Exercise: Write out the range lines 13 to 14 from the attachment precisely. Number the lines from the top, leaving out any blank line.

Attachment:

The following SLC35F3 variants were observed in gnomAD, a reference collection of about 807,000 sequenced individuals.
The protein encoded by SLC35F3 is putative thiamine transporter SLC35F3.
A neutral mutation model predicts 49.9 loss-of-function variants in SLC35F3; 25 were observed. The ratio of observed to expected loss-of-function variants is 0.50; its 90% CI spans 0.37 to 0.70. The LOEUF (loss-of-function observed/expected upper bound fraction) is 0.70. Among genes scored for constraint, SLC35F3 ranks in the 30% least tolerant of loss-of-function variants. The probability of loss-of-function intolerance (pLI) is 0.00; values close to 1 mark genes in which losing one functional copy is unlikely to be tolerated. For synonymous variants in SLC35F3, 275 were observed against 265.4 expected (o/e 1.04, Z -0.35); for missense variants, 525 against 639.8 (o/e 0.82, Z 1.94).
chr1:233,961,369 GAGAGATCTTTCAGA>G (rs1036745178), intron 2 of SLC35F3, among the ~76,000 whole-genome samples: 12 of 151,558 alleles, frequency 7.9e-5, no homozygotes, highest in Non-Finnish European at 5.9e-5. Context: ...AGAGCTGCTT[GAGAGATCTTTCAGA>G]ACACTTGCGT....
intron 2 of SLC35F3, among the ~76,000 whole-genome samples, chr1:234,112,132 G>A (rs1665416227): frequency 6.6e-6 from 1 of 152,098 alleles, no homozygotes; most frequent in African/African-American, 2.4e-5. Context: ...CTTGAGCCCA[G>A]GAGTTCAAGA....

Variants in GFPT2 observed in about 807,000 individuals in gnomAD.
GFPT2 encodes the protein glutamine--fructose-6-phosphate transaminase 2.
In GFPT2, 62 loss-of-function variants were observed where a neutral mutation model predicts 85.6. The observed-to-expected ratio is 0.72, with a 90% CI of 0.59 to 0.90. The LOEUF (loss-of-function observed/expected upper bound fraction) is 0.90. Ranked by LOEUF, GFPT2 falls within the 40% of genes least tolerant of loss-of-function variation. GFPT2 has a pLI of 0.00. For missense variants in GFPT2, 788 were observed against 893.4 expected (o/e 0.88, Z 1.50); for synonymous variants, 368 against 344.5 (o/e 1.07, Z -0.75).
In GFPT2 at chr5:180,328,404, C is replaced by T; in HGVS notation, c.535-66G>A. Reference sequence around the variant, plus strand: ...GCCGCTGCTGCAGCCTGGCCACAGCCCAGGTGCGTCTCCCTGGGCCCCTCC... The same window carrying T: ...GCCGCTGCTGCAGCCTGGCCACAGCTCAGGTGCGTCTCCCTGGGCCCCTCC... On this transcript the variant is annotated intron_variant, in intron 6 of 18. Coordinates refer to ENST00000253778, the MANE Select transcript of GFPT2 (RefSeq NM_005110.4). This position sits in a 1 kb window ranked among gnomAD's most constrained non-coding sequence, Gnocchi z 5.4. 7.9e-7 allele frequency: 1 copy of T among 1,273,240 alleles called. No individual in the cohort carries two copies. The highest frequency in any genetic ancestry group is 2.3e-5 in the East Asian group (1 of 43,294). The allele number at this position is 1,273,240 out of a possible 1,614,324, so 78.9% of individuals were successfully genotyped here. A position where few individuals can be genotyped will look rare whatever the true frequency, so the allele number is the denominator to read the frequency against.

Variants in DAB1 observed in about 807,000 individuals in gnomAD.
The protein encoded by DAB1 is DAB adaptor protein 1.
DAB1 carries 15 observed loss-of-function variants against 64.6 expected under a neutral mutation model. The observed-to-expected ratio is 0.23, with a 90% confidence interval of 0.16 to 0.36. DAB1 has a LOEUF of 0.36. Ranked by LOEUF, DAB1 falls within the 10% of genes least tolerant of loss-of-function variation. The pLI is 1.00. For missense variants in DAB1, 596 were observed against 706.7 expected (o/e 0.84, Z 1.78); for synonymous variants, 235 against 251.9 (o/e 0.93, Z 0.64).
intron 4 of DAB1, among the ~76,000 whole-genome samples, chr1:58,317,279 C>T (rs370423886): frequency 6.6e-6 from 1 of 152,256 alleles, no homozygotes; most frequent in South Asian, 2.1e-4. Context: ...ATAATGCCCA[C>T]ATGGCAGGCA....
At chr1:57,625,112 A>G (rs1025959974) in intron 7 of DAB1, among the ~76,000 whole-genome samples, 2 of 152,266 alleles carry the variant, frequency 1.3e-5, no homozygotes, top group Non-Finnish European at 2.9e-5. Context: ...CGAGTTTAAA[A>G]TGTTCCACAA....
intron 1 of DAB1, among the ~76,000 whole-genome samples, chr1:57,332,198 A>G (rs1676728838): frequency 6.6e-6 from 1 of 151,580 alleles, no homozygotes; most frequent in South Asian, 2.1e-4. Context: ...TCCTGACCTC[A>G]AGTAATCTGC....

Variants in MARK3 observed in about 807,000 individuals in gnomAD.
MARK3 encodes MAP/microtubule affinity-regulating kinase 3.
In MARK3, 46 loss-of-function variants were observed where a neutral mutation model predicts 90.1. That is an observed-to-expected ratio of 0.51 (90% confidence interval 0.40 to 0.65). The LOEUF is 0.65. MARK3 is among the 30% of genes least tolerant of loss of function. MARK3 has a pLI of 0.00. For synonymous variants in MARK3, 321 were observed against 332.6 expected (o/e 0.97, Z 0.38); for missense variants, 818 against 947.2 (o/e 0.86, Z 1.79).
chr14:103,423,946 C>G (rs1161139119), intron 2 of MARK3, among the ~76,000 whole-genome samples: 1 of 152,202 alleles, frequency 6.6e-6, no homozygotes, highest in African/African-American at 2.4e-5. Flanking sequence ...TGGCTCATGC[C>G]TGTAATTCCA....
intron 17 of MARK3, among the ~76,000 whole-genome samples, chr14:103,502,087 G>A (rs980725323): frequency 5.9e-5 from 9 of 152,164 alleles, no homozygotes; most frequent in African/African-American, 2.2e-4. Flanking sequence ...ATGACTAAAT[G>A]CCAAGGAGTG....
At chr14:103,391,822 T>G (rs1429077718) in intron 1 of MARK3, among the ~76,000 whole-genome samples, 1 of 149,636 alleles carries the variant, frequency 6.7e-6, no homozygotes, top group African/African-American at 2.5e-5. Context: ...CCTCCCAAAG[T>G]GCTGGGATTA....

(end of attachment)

intron 4 of DAB1, among the ~76,000 whole-genome samples, chr1:58,317,279 C>T (rs370423886): frequency 6.6e-6 from 1 of 152,256 alleles, no homozygotes; most frequent in South Asian, 2.1e-4. Context: ...ATAATGCCCA[C>T]ATGGCAGGCA....
At chr1:57,625,112 A>G (rs1025959974) in intron 7 of DAB1, among the ~76,000 whole-genome samples, 2 of 152,266 alleles carry the variant, frequency 1.3e-5, no homozygotes, top group Non-Finnish European at 2.9e-5. Context: ...CGAGTTTAAA[A>G]TGTTCCACAA....